ABSTRACT

The search for oil and gas continues to progress towards increasingly hostile environments. Environments such as found in deepwater preclude the ability to efficiently separate the fluid phases prior to export. As a result, multiphase transportation has become commonplace with systems being designed using integrated flow assurance techniques. Additionally, pipelines that had been designed for single phase flow are now expected to cope with the transport of multiple phases. With the continuous variation in production, these pipelines tend to operate under both steady-state and transient conditions. The requirement to model these systems is, therefore, critical for adequate field development planning. This paper will present a tutorial focusing on the complex analysis of multiphase flow in pipelines with an emphasis on the tools currently available for modeling purposes. The tools selected for use during the tutorial include Pipesim and OLGA.

INTRODUCTION

The analysis of multiphase flow phenomena in pipeline systems is usually classified along two levels of complexity. The first is that associated with steady state flow where there are no major changes transgressing the pipeline network. The second related to transient or dynamic flows where the flow behavior is changing on a regular and significant basis. These situations will be dealt with in turn.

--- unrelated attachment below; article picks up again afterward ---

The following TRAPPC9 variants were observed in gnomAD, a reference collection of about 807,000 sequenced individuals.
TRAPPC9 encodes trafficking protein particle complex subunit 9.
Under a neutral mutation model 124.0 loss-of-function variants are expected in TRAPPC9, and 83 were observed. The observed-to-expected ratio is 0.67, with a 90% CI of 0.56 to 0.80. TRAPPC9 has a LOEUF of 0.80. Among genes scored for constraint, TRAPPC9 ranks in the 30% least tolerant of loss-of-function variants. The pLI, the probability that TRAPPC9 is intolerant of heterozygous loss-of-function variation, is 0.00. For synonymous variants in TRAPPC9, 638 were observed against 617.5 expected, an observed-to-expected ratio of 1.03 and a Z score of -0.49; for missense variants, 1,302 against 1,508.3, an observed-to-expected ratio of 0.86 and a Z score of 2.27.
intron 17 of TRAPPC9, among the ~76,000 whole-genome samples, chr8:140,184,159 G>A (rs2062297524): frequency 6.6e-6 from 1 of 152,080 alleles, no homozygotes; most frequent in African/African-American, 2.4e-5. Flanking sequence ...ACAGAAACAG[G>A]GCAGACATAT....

THE STEADY STATE APPROACH

Two distinct approaches are available to the petroleum engineer in accounting for the behavior of multiphase flow systems. The first is a global approach that relies on empiricism in developing simplified models that contain parameters which are evaluated from experimental data. The second is a continuum approach in which more complex physically-based models are used to describe the flow phenomena. Some authors of empirical correlations select an appropriate functional form for equation 1, and proceed to back calculate a holdup function that best fits experimental data for two-phase pressure drop. The Hagedorn and Brown, [1], correlation for flow in vertical pipes is based on such an approach. Other investigators such as Beggs and Brill, [2], and Dukler, [3], have correlated both variables (f m, θ l) as functions of gas and liquid flow rates, pipe geometry, fluid PVT and transport properties, among other variables. Empirical correlations have been successful in terms of:

  1. Enabling models for particular flow conditions to be formulated quickly.

  2. Being amenable to tuning to yield results of reasonable accuracy over well-defined ranges of operating conditions.

  3. Being relatively easy to employ as design tools.

Table 1 lists some of the more successful and widely-used correlations with recommended areas of application. The limitations of empirical techniques stem from some or all of the following:

  • Individual equations tend not to apply with sufficient accuracy to the broad range of flow conditions usually encountered in practice.

  • The use of a number of different correlations to predict the hydraulic conditions of the dominant flow regimes in a pipeline system can result in numerical difficulties and/or discontinuous predictions.

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